Moving on to the other side of the space was the dining area. Client Abstract wanted to put in a new slider to the pool deck here. We'd need to move the one in the middle of the room to make way for the new kitchen, so this was a good plan. But, space was already an issue. It was getting pretty tight as it was.

Dining Room Before with Red wall

I ask a ton of questions during design consultations. Through this questioning I want to know what people want, but I also try to discover what it is they REALLY want. Many of my clients hire me because they have so many ideas and need help making sense of and weeding through them all. It's my job to take those ideas, try to implement many of them but also make sure that the overall goal (what they REALLY want) is achieved. Client Abstract, for instance, wanted a bar area in the dining room. After some debate, we realized it was a fun idea, but in reality it would probably just collect dust and be in the way. Not only that, all of those bottles would really take away from the new uncluttered vibe we were going for which is what she REALLY wanted. So, instead of a bar we made sure there was a dedicated area in the kitchen cabinets for the booze, as well as a wine fridge to take care of the important stuff.

So, back in the kitchen I set to work trying to come up with a game plan for these cabinets. We originally thought a peninsula coming off the wall where the original sliding doors were was the best option since the room wasn't very wide. Only problem was that it eliminated the doggie door. There was just no way to fit the sink, the range, a peninsula and room for seating on the wall and still allow for the doggie door. We also didn't want to move the sink because we didn't want to move the plumbing or do new flooring. To move the plumbing, we would have had to jackhammer up the floor since houses here in Arizona are generally on a slab. No basement ceiling to run plumbing through. The flooring was in good shape and replacing the entire first floor would be a huge expense.* Long story short, a peninsula wouldn't work.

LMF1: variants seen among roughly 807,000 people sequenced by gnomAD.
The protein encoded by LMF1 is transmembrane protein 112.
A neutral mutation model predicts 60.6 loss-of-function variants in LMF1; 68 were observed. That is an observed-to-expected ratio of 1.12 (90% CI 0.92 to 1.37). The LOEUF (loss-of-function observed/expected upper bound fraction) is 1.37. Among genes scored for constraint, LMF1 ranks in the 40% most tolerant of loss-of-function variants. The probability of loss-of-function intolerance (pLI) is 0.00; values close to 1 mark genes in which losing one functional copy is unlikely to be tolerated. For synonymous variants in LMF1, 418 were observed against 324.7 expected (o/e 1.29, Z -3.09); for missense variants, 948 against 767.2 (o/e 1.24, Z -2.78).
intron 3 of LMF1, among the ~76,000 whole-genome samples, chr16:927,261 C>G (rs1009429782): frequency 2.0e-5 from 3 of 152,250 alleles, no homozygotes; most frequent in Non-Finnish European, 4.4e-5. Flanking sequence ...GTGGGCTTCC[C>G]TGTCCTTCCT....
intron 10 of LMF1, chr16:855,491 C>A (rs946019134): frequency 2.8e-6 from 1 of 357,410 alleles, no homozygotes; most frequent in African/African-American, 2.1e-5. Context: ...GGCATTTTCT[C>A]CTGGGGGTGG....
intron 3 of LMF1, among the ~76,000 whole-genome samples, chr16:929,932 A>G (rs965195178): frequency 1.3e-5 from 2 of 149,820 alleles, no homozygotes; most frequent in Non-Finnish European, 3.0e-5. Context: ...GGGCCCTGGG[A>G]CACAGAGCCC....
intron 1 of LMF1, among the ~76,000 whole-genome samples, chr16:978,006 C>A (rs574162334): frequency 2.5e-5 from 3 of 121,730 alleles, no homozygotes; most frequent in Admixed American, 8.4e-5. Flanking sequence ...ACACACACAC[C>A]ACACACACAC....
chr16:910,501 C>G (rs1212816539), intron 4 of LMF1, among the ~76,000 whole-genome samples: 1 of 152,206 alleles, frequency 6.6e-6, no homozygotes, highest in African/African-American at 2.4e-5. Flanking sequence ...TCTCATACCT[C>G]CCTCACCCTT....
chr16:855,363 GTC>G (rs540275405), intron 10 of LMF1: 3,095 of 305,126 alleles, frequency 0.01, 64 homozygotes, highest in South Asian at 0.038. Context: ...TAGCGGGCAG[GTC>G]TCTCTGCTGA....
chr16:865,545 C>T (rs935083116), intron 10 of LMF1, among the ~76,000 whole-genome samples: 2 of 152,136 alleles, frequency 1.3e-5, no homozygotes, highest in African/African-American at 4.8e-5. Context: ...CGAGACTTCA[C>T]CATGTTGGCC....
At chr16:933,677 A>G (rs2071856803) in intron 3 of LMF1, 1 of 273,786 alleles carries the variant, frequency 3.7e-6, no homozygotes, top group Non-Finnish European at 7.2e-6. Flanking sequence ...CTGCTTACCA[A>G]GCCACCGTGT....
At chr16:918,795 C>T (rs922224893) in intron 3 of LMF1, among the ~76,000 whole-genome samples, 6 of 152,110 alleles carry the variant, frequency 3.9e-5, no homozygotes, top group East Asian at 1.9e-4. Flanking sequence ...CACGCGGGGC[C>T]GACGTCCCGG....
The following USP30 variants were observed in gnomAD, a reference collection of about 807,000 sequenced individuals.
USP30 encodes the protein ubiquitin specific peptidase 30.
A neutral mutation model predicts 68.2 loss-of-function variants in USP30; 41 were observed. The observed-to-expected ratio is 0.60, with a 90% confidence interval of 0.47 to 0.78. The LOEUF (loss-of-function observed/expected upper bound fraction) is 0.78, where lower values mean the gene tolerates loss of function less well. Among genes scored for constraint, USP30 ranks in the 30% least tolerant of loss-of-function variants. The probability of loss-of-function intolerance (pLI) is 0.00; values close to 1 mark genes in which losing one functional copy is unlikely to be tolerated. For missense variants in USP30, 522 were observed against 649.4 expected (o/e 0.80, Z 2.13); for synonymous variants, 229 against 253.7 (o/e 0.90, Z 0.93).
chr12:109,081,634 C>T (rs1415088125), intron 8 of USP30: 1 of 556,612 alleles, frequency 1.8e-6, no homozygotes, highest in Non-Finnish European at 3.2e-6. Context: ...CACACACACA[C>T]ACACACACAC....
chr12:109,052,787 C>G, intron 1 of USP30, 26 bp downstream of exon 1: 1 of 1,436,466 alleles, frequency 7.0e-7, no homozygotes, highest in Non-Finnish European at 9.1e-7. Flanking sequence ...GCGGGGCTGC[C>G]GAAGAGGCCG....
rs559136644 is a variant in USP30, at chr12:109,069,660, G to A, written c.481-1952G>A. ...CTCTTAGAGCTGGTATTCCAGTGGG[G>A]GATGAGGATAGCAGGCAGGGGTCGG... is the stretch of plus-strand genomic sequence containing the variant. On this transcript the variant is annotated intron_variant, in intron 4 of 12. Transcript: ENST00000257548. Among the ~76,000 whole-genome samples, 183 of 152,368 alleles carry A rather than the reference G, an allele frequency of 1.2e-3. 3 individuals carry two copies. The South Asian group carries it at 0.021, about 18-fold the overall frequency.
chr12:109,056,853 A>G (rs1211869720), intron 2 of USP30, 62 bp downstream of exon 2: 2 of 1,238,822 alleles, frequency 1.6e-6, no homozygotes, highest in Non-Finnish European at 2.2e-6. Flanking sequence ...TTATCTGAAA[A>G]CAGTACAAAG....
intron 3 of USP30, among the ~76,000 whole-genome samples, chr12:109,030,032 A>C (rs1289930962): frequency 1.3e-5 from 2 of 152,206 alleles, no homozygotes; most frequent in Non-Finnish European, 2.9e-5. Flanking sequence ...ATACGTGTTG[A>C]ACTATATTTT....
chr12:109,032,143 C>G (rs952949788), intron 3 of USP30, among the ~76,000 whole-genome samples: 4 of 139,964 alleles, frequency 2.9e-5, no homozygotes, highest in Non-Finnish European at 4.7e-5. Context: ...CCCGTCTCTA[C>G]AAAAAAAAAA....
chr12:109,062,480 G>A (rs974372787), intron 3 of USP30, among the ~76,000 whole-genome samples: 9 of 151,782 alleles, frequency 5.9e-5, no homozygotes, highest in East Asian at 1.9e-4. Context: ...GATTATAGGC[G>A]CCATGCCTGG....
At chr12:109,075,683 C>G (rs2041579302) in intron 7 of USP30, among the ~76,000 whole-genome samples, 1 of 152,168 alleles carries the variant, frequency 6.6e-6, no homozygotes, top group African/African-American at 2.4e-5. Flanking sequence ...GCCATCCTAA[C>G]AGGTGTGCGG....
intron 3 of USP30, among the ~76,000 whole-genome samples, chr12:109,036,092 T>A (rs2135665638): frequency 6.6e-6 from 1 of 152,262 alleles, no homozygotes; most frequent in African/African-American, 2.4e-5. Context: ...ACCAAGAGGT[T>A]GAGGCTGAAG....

An island would work but could only be 2 feet deep to allow enough room to move around it. Also, we'd have to axe that arch that looked important but was just really in the way.  Client Abstract didn't mind losing the arch, but didn't like the idea of looking at the kitchen and seeing the side of an island. Hmmmm....then I discovered the answer. An angled island. It was weird, but good weird. AND it worked.

Long Skinny Island Floor Plan with Angle

In real life the island is not angled this much. We set the cabinets exactly where we wanted them to allow enough clearance all the way around. The red lines in the floor plan indicate countertop placement. We were able to angle the island because the counter on the range wall ends while the island continues. Normally you wouldn't have the island jut out longer than the cabinets on the opposite wall, but then again Client Abstract and I are not normal. The angle helps the longer island feel balanced in the room. We put 2' deep cabinets in the straight section of the island so it could house an trash bin cabinet and plenty of storage. The angled section we made 1' deep with an overhang to allow for seating. Here's the new and improved kitchen.

Angled long skinny island with gray cabinets
Gray Kitchen Cabinets with White Quartz Countertops, Sputnik chandelier and wire pendants

You may have noticed in the floor plan the area opposite the island that had a counter overhang. Also seen in the photo above where there is a counter but no cabinets below. Say hello to the doggie door!

Doggie door built into cabinetry

This is one of my favorite parts! I felt like a mad kitchen scientist when I came across this idea. Putting the doggie door "in" the cabinetry allowed the counter to extend under the new window replacing the slider. We wanted the width of the new window to match the existing window over the sink. The doggie door closes and locks if Client Abstract is away. If she or a new owner are no longer in need of a doggie door, they can frame in and drywall the area inside and slide a stool or a rolling cart under the counter. Shelves could even be made to fit the space.